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Will two-spotted spider mites throw a curve ball at the 2020 Minnesota crop?

Bruce Potter, IPM specialist, Bob Koch, Extension entomologist and Ken Ostlie, Extension entomologist

Twospotted spider mites adults and eggs.
Photo: David Cappaert, Michigan State University,
Two-spotted spider mites are taking advantage of the 2020 growing season’s hot weather. Mite infestations have been observed in soybean fields in Brown, Carver, Dakota, Le Sueur, McLeod, Lac Qui Parle, Redwood, Stearns and Yellow Medicine Counties. Several of these infestations have been economic.

Spider mites are likely present in other areas as well, particularly where conditions have been dry. At this time, soybeans appear to have the heavier infestations although spider mites also attack corn and other crops.

Conditions that favor spider mites

In most years, two-spotted spider mite populations are kept in check by predators, fungal disease, and adequate moisture. Warm, dry weather and moisture stress of the crop favor mite reproduction. When conditions are favorable for the mites, their rapid life cycle and high reproductive rates can quickly result in large populations and crop damage. Other factors may accentuate mite populations, including some insecticides and fungicides. Once spider mite infestations are established and building, a single rainfall event or even short-term change in weather is not likely to stop an infestation.

Mites and their damage often show up on field edges first because the mites move into crops from adjacent perennial vegetation (pastures, roadside and drainage dishes, alfalfa fields, cover crops) where they overwinter. Populations on individual plants usually progress from lower leaves to the upper canopy. As infestations build and host quality deteriorates, mites readily disperse through the field by spinning a silk thread that’s caught by the wind. Dispersing mites colonize the remainder of the field with the infestation soon building throughout the field.

However this year, some fields are not following the typical patterns. Mites can be easily found in some fields that have not been dry or currently showing drought stress. Some of these infested fields have seen at least one heavy rainfall this season. In some cases, mites are present in the upper canopy and the infestations are not noticeably more severe near field borders.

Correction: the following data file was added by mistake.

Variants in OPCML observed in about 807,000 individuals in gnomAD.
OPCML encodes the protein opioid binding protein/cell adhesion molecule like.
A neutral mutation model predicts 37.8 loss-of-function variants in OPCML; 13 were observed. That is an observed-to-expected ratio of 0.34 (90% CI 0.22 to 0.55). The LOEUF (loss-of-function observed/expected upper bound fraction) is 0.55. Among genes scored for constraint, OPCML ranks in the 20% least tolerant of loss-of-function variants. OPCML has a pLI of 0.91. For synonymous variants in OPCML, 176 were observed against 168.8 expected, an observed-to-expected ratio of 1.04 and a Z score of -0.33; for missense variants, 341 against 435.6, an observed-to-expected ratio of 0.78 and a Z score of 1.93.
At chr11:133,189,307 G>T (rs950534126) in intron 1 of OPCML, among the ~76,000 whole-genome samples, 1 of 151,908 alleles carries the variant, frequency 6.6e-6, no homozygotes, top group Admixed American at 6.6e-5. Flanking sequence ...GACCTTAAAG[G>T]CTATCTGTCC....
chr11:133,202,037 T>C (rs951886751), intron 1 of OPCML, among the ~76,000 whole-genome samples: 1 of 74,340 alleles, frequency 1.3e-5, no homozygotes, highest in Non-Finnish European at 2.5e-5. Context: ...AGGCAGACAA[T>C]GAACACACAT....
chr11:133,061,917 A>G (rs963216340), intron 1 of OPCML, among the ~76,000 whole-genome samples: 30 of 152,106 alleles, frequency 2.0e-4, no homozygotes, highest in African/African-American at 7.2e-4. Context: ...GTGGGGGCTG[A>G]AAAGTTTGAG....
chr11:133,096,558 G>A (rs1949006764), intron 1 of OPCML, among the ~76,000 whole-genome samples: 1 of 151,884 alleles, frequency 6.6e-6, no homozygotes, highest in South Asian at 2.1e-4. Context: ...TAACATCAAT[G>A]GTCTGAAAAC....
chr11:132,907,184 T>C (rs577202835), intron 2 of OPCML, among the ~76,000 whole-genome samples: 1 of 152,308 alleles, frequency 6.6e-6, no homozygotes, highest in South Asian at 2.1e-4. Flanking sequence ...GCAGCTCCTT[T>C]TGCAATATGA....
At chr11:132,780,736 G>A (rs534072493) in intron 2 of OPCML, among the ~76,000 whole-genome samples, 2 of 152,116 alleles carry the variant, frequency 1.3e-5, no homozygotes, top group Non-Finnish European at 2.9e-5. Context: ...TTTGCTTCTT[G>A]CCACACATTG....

Pesticide considerations

The presence of spider mites will affect pesticide decisions. Table 1 provides an overview of some important considerations for insecticides/miticides labeled for control of two-spotted spider mites in corn and soybean. In Minnesota, there is the potential for spider mites to be resistant to chlorpyrifos (e.g. Lorsban) and perhaps cross-resistant to dimethoate. Caution: Applications of many pyrethroid insecticides can flare spider mite populations and may not control soybean aphids. Additionally, there is evidence that, through several mechanisms, neonicotinoid insecticides may favor mite populations and fungicides may reduce the fungi that attack mites. Insecticides/miticides vary in which stages of mites they control. Surviving adults and immatures can continue to damage the crop and mite populations can rebound from uncontrolled eggs.

By the time infestations are detected on field edges, mites are likely well into the field. Because of this, border treatments are not advised. Before you spray, scout to make sure mites are still present. Because insecticide and fungicide applications can adversely affect biological control and otherwise impact spider mites, avoid unnecessary pesticide applications.

Table 1. Pesticides labeled for control of two-spotted spider mite (TSSM) on and corn and both TSSM and soybean aphid on soybean.
Labeled for TSSM Resistance concerns
Insecticide group Common name Trade name Corn Soybean Labeled for SBA TSSM stage controlled TSSM SBA
1B - organophosphate chlorpyrifos Several*
(e.g. Chlorpyrifos 4E,
Govern 4E, Hatchet 4E,
Lorsban Advanced,
Lorsban 4E, NuFos 4E,
Warhawk 4E,
Whirlwind 4E,
Vulcan, Yuma 4E)
- X X adults /immature X -
dimethoate Several*
(e.g. Dimethoate 4E, 4EC,
400, Dimate 4E, 4EC)
X X X adults /immature X -
3A - pyrethroid bifenthrin Several*
(e.g. Bifenture 2E,
Brigade 2E, Discipline 2E,
Fanfare 2E, Sniper 2E,
Tundra 2E)
X X X adults /immature - X
6 - chlorine channel activators abamectin Agri-Mek SC* X X - egg - -
10A - hexythizox hexythizox Onanger X - - egg /immature - -
10B -etoxazole etoxazole Zeal SC, Zeal, Zeal WDG (corn only) X X - egg /immature - -
12C -propargite propargite Comite*, Comite II* X - - egg /immature - -
23 -tetronic and tetramic acid derivatives spiromesifen Oberon 2 SC X - - egg /immature - -
3A + 1A

bifenthrin + chlorpyrifos

Tundra Supreme*




adult /immature


3A + 3A zeta-cypermethrin + bifenthrin Hero* X X X adult /immature - X
1A + 3A chlorpyrifos + gamma-cyhalothrin Cobalt* - X X adult /immature - -
1A + 4A bifenthrin + imadacloprid Swagger* - X X adult /immature - -
3A + 44 (fungicide) bifenthrin + Bacillus sp. Ethos XB* X X X adult /immature - X
*Restricted use pesticide
Always read and follow label directions
Products are mentioned for illustrative purposes only. Their inclusion does not mean endorsement and their absence does not imply disapproval.

More information

For more information on spider mites on soybean see: Managing two-spotted spider mites in soybean. For corn, a 2012 fact sheet PDF is available for download at: Managing two-spotted spider mites in corn.
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  1. The best pyrethroid for mites is bifenthrin, be sure to add 10% or more crop oil to the spray mix, and then no problem with high temperatures.


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